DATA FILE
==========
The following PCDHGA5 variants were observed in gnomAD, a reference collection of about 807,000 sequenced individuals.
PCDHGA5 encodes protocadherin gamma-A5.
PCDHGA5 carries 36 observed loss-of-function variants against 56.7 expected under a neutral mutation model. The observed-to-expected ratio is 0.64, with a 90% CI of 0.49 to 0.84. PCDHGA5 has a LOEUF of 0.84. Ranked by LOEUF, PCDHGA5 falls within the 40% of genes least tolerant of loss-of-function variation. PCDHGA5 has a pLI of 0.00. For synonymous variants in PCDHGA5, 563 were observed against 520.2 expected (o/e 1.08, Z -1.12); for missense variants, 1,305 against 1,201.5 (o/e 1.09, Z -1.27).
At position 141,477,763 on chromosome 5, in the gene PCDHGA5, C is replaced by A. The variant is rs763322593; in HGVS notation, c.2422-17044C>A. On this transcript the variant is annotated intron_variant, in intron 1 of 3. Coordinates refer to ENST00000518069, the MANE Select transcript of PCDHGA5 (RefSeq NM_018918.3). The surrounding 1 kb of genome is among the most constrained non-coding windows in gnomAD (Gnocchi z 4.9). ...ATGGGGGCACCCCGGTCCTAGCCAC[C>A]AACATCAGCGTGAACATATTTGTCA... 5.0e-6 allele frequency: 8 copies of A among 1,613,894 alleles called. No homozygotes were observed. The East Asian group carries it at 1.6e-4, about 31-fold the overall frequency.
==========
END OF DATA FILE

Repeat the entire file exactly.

The following PCDHGA5 variants were observed in gnomAD, a reference collection of about 807,000 sequenced individuals.
PCDHGA5 encodes protocadherin gamma-A5.
PCDHGA5 carries 36 observed loss-of-function variants against 56.7 expected under a neutral mutation model. The observed-to-expected ratio is 0.64, with a 90% CI of 0.49 to 0.84. PCDHGA5 has a LOEUF of 0.84. Ranked by LOEUF, PCDHGA5 falls within the 40% of genes least tolerant of loss-of-function variation. PCDHGA5 has a pLI of 0.00. For synonymous variants in PCDHGA5, 563 were observed against 520.2 expected (o/e 1.08, Z -1.12); for missense variants, 1,305 against 1,201.5 (o/e 1.09, Z -1.27).
At position 141,477,763 on chromosome 5, in the gene PCDHGA5, C is replaced by A. The variant is rs763322593; in HGVS notation, c.2422-17044C>A. On this transcript the variant is annotated intron_variant, in intron 1 of 3. Coordinates refer to ENST00000518069, the MANE Select transcript of PCDHGA5 (RefSeq NM_018918.3). The surrounding 1 kb of genome is among the most constrained non-coding windows in gnomAD (Gnocchi z 4.9). ...ATGGGGGCACCCCGGTCCTAGCCAC[C>A]AACATCAGCGTGAACATATTTGTCA... 5.0e-6 allele frequency: 8 copies of A among 1,613,894 alleles called. No homozygotes were observed. The East Asian group carries it at 1.6e-4, about 31-fold the overall frequency.